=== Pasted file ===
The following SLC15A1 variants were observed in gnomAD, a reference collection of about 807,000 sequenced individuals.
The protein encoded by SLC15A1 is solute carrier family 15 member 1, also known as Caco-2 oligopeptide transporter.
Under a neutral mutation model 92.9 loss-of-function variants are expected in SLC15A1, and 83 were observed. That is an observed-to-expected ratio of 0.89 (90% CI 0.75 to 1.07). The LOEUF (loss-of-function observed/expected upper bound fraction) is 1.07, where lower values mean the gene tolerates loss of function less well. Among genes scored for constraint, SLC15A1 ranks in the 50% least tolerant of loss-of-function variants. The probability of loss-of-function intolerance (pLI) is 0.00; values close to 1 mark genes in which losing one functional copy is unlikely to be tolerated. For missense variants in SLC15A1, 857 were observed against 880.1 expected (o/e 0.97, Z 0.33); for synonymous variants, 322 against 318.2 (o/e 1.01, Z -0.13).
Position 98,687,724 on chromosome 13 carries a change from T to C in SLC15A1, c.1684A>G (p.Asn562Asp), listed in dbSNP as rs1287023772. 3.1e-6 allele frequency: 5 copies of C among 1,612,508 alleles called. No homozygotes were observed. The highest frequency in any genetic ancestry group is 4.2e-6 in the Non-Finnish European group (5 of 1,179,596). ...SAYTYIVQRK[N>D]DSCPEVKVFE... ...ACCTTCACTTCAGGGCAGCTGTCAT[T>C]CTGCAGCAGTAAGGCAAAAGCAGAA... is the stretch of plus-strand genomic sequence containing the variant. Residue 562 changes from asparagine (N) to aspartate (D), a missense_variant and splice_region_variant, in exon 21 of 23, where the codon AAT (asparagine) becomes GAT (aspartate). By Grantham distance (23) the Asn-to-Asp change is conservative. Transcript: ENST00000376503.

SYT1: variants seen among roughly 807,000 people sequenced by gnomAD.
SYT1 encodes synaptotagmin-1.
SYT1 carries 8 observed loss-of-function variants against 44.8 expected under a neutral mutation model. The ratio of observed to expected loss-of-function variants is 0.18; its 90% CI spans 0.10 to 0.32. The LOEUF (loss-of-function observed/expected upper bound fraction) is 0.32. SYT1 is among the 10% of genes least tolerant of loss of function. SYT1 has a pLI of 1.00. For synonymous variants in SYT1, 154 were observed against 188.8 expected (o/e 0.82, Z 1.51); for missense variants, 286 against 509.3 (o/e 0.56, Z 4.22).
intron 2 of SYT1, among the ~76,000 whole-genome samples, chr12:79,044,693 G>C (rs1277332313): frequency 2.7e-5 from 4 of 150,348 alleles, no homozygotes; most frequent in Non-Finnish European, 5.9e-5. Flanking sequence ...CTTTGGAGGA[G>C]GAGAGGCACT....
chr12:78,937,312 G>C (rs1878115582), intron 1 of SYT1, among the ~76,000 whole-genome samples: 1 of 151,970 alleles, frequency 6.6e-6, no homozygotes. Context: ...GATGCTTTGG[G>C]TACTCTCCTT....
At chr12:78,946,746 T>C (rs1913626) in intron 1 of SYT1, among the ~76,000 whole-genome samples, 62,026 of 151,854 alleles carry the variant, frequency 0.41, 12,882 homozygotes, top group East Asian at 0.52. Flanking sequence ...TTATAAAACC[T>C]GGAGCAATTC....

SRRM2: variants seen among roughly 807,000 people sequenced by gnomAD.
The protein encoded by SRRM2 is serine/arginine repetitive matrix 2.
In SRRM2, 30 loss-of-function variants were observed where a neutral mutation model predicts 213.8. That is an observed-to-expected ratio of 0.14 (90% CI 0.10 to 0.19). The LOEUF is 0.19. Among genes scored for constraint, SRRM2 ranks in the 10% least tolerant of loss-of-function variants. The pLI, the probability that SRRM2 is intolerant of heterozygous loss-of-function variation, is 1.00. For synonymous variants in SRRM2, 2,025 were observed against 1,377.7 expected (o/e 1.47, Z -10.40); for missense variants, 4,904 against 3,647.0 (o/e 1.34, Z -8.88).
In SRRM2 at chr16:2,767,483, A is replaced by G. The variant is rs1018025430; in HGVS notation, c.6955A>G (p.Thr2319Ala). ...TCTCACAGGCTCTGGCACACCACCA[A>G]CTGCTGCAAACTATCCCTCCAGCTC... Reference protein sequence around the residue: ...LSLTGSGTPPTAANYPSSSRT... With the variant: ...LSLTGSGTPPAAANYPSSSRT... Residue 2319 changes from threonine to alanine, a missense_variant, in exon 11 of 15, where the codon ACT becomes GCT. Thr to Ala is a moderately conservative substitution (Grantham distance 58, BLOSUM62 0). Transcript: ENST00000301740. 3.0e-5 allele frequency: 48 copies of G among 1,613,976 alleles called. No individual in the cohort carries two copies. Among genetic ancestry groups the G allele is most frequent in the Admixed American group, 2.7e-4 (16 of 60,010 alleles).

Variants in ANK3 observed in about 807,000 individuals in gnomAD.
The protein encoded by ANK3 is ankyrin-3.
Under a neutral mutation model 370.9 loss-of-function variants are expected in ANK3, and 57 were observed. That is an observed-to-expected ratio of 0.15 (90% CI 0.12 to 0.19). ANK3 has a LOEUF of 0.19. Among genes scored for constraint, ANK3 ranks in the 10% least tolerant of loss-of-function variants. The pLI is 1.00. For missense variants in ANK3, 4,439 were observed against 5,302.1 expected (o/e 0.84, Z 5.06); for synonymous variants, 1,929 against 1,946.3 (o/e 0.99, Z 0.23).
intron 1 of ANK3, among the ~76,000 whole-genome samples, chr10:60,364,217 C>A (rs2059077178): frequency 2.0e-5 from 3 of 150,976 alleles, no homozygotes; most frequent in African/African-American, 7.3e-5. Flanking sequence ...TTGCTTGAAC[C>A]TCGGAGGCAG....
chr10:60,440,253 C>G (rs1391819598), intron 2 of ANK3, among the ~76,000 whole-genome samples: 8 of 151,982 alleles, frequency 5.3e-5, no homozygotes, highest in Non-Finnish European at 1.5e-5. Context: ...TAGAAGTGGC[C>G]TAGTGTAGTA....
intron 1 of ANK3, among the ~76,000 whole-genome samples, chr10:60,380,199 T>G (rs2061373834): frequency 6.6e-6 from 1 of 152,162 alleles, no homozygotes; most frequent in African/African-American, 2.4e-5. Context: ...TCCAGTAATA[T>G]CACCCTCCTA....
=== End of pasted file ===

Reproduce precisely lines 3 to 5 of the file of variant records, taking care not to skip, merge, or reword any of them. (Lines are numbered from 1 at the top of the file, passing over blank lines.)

Under a neutral mutation model 92.9 loss-of-function variants are expected in SLC15A1, and 83 were observed. That is an observed-to-expected ratio of 0.89 (90% CI 0.75 to 1.07). The LOEUF (loss-of-function observed/expected upper bound fraction) is 1.07, where lower values mean the gene tolerates loss of function less well. Among genes scored for constraint, SLC15A1 ranks in the 50% least tolerant of loss-of-function variants. The probability of loss-of-function intolerance (pLI) is 0.00; values close to 1 mark genes in which losing one functional copy is unlikely to be tolerated. For missense variants in SLC15A1, 857 were observed against 880.1 expected (o/e 0.97, Z 0.33); for synonymous variants, 322 against 318.2 (o/e 1.01, Z -0.13).
Position 98,687,724 on chromosome 13 carries a change from T to C in SLC15A1, c.1684A>G (p.Asn562Asp), listed in dbSNP as rs1287023772. 3.1e-6 allele frequency: 5 copies of C among 1,612,508 alleles called. No homozygotes were observed. The highest frequency in any genetic ancestry group is 4.2e-6 in the Non-Finnish European group (5 of 1,179,596). ...SAYTYIVQRK[N>D]DSCPEVKVFE... ...ACCTTCACTTCAGGGCAGCTGTCAT[T>C]CTGCAGCAGTAAGGCAAAAGCAGAA... is the stretch of plus-strand genomic sequence containing the variant. Residue 562 changes from asparagine (N) to aspartate (D), a missense_variant and splice_region_variant, in exon 21 of 23, where the codon AAT (asparagine) becomes GAT (aspartate). By Grantham distance (23) the Asn-to-Asp change is conservative. Transcript: ENST00000376503.

SYT1: variants seen among roughly 807,000 people sequenced by gnomAD.